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The U.S To Be A Net Energy Exporter By 2022


The year is 1953. Dwight D. Eisenhower is inaugurated U.S. President. The Korean War is ending. Dr. Jonas Salk develops the first polio vaccine. And Chevrolet unveils a new roadster…the Corvette. But perhaps lost in all the excitement of that year was that it represents the last time the U.S. was a net exporter of energy products of oil and fuel, producing and exporting more than it imported.

The remarkable return of U.S. oil production made possible through technology enabling horizontal drilling, and hydraulic fracturing of oil-rich shale sediment, otherwise known as “fracking”, lies at the heart of the rebound. According to the Energy Information Agency (EIA), its success means the U.S. will once again reach a historical benchmark in just four years – four years ahead of schedule.

In doing so, not only will that newfound status as a net energy exporter be achieved, but on the way there, America will pass Saudi Arabian output to become the world’s second greatest supplier behind Russia. The American energy system has no doubt undergone an incredible transformation.

The timing of this milestone, which few would have conceived of five years ago and none a decade ago, comes amidst a growing awareness that global demand for oil and oil products are expected to grow for at least another decade, making the surge in U.S. production a matter of good timing that could continue to keep a check on dramatic spikes in energy costs.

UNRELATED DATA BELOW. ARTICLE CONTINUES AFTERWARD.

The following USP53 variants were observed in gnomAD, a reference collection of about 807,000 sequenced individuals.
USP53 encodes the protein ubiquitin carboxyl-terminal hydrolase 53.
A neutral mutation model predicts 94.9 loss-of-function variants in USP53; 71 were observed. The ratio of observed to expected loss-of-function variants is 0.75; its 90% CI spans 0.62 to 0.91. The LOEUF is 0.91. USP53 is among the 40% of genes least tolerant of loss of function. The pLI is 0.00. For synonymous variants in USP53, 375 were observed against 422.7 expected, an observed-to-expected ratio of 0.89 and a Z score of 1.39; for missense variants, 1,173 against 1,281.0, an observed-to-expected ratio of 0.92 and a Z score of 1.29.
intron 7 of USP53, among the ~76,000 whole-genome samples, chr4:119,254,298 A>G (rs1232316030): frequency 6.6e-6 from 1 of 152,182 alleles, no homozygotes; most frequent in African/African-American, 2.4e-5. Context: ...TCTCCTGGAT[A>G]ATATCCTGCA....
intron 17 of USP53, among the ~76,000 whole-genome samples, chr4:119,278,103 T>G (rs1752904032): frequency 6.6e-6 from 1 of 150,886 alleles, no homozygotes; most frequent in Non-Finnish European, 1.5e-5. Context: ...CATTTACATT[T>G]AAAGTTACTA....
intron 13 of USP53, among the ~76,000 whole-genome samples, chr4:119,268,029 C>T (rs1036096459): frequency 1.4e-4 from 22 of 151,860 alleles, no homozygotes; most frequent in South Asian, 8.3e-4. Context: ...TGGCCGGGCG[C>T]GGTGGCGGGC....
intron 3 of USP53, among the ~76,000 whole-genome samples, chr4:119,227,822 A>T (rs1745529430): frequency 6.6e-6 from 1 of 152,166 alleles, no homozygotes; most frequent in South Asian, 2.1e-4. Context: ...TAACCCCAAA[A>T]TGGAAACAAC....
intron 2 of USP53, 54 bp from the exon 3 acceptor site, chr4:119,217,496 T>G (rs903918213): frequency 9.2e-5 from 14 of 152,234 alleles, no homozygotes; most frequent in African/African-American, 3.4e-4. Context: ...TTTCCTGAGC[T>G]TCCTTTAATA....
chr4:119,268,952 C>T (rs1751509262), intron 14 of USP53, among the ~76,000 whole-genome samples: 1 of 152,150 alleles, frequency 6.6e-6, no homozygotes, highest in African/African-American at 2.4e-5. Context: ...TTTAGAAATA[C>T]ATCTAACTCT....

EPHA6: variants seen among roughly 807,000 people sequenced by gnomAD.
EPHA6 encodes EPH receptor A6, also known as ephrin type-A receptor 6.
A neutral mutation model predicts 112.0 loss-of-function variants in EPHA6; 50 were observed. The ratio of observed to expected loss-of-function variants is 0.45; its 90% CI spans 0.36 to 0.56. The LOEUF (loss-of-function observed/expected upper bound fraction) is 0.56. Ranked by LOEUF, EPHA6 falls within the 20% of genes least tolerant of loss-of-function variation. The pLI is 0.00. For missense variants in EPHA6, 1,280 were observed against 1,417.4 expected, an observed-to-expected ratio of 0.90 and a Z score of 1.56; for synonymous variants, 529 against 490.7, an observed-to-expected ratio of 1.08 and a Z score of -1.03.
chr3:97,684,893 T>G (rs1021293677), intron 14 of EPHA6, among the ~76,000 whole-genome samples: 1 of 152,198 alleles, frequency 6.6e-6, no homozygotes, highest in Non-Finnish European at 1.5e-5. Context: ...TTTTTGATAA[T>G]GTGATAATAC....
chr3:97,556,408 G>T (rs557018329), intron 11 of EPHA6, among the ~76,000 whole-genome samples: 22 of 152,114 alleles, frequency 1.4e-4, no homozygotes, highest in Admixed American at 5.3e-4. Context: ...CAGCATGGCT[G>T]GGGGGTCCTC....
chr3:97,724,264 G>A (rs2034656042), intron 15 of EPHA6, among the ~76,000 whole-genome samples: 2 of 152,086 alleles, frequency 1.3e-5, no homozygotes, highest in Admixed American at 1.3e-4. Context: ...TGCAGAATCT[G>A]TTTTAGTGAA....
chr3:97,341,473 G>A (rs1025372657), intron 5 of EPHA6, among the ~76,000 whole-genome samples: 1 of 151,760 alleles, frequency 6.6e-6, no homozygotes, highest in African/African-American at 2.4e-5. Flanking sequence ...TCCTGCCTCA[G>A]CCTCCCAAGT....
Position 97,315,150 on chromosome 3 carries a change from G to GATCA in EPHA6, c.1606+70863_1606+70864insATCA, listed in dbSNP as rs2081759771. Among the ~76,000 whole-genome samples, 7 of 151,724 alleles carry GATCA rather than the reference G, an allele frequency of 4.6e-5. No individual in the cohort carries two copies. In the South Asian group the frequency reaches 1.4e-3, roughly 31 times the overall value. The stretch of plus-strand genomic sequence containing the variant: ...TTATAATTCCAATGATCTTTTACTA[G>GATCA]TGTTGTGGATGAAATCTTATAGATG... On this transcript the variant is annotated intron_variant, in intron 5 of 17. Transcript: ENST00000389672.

Even with the recent downturn in oil prices, related in no small part to fears from the equities markets, the world remains on track to increase its appetite for oil. While some producing countries are surging ahead, other traditional suppliers are faced with limitations in capital and infrastructure, notably Venezuela in the first instance and Canada in the second. Canada, whose regulatory process for pipeline approval is both fraught with political intrigue and a time consuming review process that apparently changes with each new government, explains, in part, why limited pipeline options to U.S. and other markets leaves its benchmark heavy oil, WCS (Western Canadian Select), selling at a $32 a barrel discount to WTI (West Texas Intermediate). It is the world’s most discounted oil and its bleak outlook represents a reason why investment in U.S. oil output has increased while Canada’s, continues to decline, despite greater proven reserves.

As generations of older North Americans vividly recall the days of oil shocks, embargoes, cartels and long lines or alternate days to fill up at the pumps, new techniques in energy production has given this generation freedoms many thought would remain a fond memory of a bygone era.

Senior Petroleum Analyst, Canada

Dan is a skilled and noted bilingual (French and English) consumer advocate specializing in energy and current affairs. Known as Canada's “Gas Guru,” he founded to better help motorists anticipate the price of gasoline in advance across Canada. He has over three decades of experience in the petroleum industry, as a parliamentarian and an analyst.